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Old 07-09-2007, 02:18 PM
 
Location: dillon colorado
4 posts, read 18,941 times
Reputation: 14
we have it all, montains, desert, large sand dunes, open grasslands, ok no surfing but.... lots of nice lakes, hiking etc feel free to contact me fo for more specifcs!
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Old 07-09-2007, 02:57 PM
 
Location: Albuquerque, NM
152 posts, read 485,717 times
Reputation: 75
Thumbs up God's Country! The Ultimate Nature Lover

I can tell from your question, you are a very sensitive, and caring person. So, even though I'm from Albuquerque, I'll keep it simple for you, should you wish to plan a trip to Colorado to see its natural beauty.

First of all, my apologies to many other beautiful areas in Colorado (I've seen about all of them.)

Southwestern Colorado's San Juan Mountains have been called the "Little Switzerland of America." Get your Colorado map out, and highlight the circle drive north from Durango, through Silverton, and Ouray, to Ridgeway...then west over to Telluride, and south down to Mesa Verde National Park...and back to Durango.

There isn't a more beautiful drive anywhere in the Rockies. Matter of fact, I went over it twice in the past year...I love it so much! Just stay away from the cities, although they have their attractions too.

I hope you can visit there soon. By the way, I've been to San Diego on occasion, and you could do worse! Beautiful...again, for a "city." :-)
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Old 07-09-2007, 05:13 PM
 
7,817 posts, read 14,668,550 times
Reputation: 7694
I have to agree with the other posts that the San Juan mountains in southwest Colorado pretty much put anything else to shame. That hasn't stopped a bunch of rich @#$%&!!!'s from building their stupid trophy houses right in the middle of some the most wild and beautiful country God ever created, thus despoiling it for the rest of us, but I digress.

As others have posted, the San Juans are not for the meek or the faint of heart. As spectacular as photos are of them, nothing compares with seeing the San Juans first hand. I've spent over 40 years exploring them, and I never get tired of them.

As Nadine mentioned, the Sangre de Cristos are lovely, too. Very rugged country in them--only a couple of Jeep trails cross them between U.S. 50 on the north and U.S. 160 on the south.

The one thing that is sad about Colorado now is that it is MUCH more difficult to find solitude than it was in years past. I do have some "secret" spots that I frequent where I won't see people for as long as a day or two, but I'm not telling where those are. When I was a kid, if you got more than about a hundred miles out of Denver, those kinds of quiet, lonely places could be found just about everywhere. No more. People are "loving" the place to death.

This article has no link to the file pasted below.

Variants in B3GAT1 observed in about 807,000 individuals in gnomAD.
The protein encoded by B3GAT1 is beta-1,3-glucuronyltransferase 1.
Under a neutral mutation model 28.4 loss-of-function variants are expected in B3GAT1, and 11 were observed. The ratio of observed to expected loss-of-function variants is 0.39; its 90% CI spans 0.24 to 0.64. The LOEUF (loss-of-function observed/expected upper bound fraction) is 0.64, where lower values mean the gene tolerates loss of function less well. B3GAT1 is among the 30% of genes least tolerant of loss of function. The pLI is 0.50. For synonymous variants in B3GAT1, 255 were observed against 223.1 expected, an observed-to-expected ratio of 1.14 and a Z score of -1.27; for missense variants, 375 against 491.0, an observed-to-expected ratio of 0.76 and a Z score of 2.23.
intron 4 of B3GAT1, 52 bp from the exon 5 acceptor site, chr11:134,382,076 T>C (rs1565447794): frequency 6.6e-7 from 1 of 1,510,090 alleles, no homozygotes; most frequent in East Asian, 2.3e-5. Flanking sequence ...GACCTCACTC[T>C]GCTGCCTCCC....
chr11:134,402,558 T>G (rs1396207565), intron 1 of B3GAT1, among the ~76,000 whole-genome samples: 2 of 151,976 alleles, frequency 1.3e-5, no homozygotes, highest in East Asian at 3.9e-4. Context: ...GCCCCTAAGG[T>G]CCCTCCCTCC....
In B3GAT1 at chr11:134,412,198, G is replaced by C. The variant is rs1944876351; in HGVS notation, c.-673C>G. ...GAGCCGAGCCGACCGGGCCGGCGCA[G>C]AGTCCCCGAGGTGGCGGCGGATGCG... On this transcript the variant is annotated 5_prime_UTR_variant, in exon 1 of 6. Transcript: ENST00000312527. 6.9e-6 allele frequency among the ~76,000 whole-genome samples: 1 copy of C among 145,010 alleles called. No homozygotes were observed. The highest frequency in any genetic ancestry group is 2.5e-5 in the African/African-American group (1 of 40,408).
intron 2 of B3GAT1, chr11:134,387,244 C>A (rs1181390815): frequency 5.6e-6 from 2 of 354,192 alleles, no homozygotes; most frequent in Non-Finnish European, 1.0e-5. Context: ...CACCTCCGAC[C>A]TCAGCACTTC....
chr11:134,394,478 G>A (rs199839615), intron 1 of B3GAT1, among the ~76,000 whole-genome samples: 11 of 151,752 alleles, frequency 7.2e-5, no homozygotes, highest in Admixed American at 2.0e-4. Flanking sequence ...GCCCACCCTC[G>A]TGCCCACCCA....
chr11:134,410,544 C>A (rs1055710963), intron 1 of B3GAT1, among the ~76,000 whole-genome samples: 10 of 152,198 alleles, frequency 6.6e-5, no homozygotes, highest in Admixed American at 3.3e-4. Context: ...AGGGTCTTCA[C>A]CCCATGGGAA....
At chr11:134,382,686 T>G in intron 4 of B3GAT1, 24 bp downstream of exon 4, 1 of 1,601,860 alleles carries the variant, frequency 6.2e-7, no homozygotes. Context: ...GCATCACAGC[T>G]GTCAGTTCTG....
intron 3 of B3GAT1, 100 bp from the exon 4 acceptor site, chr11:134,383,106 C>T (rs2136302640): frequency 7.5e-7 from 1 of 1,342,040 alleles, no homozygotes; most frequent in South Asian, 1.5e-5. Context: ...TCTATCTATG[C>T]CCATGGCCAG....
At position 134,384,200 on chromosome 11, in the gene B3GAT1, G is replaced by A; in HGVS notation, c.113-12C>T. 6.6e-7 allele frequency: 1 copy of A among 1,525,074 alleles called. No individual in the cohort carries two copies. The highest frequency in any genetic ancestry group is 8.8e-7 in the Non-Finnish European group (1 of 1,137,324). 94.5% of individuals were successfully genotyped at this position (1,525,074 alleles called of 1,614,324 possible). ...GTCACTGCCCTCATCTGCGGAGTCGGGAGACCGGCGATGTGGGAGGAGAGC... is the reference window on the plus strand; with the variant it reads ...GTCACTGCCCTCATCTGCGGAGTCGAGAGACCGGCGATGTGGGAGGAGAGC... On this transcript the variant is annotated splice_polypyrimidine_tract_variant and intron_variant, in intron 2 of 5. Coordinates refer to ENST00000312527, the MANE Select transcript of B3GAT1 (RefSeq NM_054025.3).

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Old 07-09-2007, 07:21 PM
 
Location: Colorado
432 posts, read 1,786,079 times
Reputation: 173
Quote:
Originally Posted by jazzlover View Post
I have to agree with the other posts that the San Juan mountains in southwest Colorado pretty much put anything else to shame. That hasn't stopped a bunch of rich @#$%&!!!'s from building their stupid trophy houses right in the middle of some the most wild and beautiful country God ever created, thus despoiling it for the rest of us, but I digress.

As others have posted, the San Juans are not for the meek or the faint of heart. As spectacular as photos are of them, nothing compares with seeing the San Juans first hand. I've spent over 40 years exploring them, and I never get tired of them.

As Nadine mentioned, the Sangre de Cristos are lovely, too. Very rugged country in them--only a couple of Jeep trails cross them between U.S. 50 on the north and U.S. 160 on the south.

The one thing that is sad about Colorado now is that it is MUCH more difficult to find solitude than it was in years past. I do have some "secret" spots that I frequent where I won't see people for as long as a day or two, but I'm not telling where those are. When I was a kid, if you got more than about a hundred miles out of Denver, those kinds of quiet, lonely places could be found just about everywhere. No more. People are "loving" the place to death.
About the only places to get away from it all is to hike in or ride in horseback in wilderness areas. Even those are getting more and more people. At least they don't run over you. While I am at it would you mind if I give a tip, or trail rules. When hiking, and you meet a horseback rider the horse has the right away. Please speak and continue to talk and stay in plain sight. Those funny people things that scatter behind trees that have huge humps on their backs are maybe horse eaters, ya know Bikers, ATVs cut engines and let horse get by. Continue to speak. Altho when I and most of my fellow riders, hear bikes we look for a place to get off trail if possible. Too many bikers, ATVers are traveling too fast and might just run us down. We have a ATV too. But we like to look and enjoy when we are out. So many don't, they just want to take jumps etc. Only takes 1 bad apple to ruin it for the others. There are horse back riders, hikers etc that don't follow rules either.
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Old 07-10-2007, 08:54 AM
 
106 posts, read 377,811 times
Reputation: 47
Default Still great, but the secret's out

Quote:
Originally Posted by jazzlover View Post
The one thing that is sad about Colorado now is that it is MUCH more difficult to find solitude than it was in years past. People are "loving" the place to death.
I agree. For those who have an idyllic picture of being in a nice log cabin with complete silence, and waking up and going to bed with the sun, you had better have some $$$. You'll need to buy the section of land that your cabin is sitting on as a buffer. A couple million will do in some areas.